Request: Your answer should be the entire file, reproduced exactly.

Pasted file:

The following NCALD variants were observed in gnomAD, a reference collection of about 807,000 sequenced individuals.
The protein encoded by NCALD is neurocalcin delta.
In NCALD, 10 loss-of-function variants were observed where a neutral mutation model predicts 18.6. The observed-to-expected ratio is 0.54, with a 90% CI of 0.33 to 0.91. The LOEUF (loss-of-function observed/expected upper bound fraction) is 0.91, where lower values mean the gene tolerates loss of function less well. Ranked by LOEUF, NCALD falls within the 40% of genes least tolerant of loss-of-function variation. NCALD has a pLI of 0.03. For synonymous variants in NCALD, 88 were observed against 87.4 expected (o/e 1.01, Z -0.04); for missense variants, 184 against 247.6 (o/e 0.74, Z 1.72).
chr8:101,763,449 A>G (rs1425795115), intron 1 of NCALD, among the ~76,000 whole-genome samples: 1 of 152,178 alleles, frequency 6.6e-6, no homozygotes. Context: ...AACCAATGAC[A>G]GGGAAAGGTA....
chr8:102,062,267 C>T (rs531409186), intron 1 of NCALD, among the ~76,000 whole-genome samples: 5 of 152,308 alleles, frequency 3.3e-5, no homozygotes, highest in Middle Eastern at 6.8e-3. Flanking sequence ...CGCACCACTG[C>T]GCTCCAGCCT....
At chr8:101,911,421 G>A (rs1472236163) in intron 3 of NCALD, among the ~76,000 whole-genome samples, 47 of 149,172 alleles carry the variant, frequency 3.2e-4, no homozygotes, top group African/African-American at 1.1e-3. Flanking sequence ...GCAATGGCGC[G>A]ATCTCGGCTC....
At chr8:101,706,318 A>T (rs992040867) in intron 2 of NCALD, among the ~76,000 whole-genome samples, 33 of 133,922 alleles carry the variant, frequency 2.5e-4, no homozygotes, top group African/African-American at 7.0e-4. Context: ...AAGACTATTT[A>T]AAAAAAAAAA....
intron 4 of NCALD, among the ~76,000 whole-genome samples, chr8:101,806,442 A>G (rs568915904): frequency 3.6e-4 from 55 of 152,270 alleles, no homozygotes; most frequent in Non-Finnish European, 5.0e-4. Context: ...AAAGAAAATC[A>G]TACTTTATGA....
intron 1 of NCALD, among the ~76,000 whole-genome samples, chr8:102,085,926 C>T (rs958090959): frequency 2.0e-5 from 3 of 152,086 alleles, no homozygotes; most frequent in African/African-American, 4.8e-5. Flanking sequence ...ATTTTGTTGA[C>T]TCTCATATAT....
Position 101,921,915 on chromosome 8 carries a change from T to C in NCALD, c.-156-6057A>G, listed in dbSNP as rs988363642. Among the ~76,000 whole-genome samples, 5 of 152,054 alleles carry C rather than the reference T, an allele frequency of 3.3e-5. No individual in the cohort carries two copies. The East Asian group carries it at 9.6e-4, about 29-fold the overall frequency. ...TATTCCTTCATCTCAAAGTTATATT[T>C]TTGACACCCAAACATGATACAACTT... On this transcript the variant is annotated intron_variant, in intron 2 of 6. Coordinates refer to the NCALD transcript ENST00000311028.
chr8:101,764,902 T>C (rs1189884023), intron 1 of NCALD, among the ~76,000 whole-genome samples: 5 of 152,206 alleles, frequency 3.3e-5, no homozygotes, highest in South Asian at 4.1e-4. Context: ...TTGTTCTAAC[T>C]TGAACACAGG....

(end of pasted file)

The following NCALD variants were observed in gnomAD, a reference collection of about 807,000 sequenced individuals.
The protein encoded by NCALD is neurocalcin delta.
In NCALD, 10 loss-of-function variants were observed where a neutral mutation model predicts 18.6. The observed-to-expected ratio is 0.54, with a 90% CI of 0.33 to 0.91. The LOEUF (loss-of-function observed/expected upper bound fraction) is 0.91, where lower values mean the gene tolerates loss of function less well. Ranked by LOEUF, NCALD falls within the 40% of genes least tolerant of loss-of-function variation. NCALD has a pLI of 0.03. For synonymous variants in NCALD, 88 were observed against 87.4 expected (o/e 1.01, Z -0.04); for missense variants, 184 against 247.6 (o/e 0.74, Z 1.72).
chr8:101,763,449 A>G (rs1425795115), intron 1 of NCALD, among the ~76,000 whole-genome samples: 1 of 152,178 alleles, frequency 6.6e-6, no homozygotes. Context: ...AACCAATGAC[A>G]GGGAAAGGTA....
chr8:102,062,267 C>T (rs531409186), intron 1 of NCALD, among the ~76,000 whole-genome samples: 5 of 152,308 alleles, frequency 3.3e-5, no homozygotes, highest in Middle Eastern at 6.8e-3. Flanking sequence ...CGCACCACTG[C>T]GCTCCAGCCT....
At chr8:101,911,421 G>A (rs1472236163) in intron 3 of NCALD, among the ~76,000 whole-genome samples, 47 of 149,172 alleles carry the variant, frequency 3.2e-4, no homozygotes, top group African/African-American at 1.1e-3. Flanking sequence ...GCAATGGCGC[G>A]ATCTCGGCTC....
At chr8:101,706,318 A>T (rs992040867) in intron 2 of NCALD, among the ~76,000 whole-genome samples, 33 of 133,922 alleles carry the variant, frequency 2.5e-4, no homozygotes, top group African/African-American at 7.0e-4. Context: ...AAGACTATTT[A>T]AAAAAAAAAA....
intron 4 of NCALD, among the ~76,000 whole-genome samples, chr8:101,806,442 A>G (rs568915904): frequency 3.6e-4 from 55 of 152,270 alleles, no homozygotes; most frequent in Non-Finnish European, 5.0e-4. Context: ...AAAGAAAATC[A>G]TACTTTATGA....
intron 1 of NCALD, among the ~76,000 whole-genome samples, chr8:102,085,926 C>T (rs958090959): frequency 2.0e-5 from 3 of 152,086 alleles, no homozygotes; most frequent in African/African-American, 4.8e-5. Flanking sequence ...ATTTTGTTGA[C>T]TCTCATATAT....
Position 101,921,915 on chromosome 8 carries a change from T to C in NCALD, c.-156-6057A>G, listed in dbSNP as rs988363642. Among the ~76,000 whole-genome samples, 5 of 152,054 alleles carry C rather than the reference T, an allele frequency of 3.3e-5. No individual in the cohort carries two copies. The East Asian group carries it at 9.6e-4, about 29-fold the overall frequency. ...TATTCCTTCATCTCAAAGTTATATT[T>C]TTGACACCCAAACATGATACAACTT... On this transcript the variant is annotated intron_variant, in intron 2 of 6. Coordinates refer to the NCALD transcript ENST00000311028.
chr8:101,764,902 T>C (rs1189884023), intron 1 of NCALD, among the ~76,000 whole-genome samples: 5 of 152,206 alleles, frequency 3.3e-5, no homozygotes, highest in South Asian at 4.1e-4. Context: ...TTGTTCTAAC[T>C]TGAACACAGG....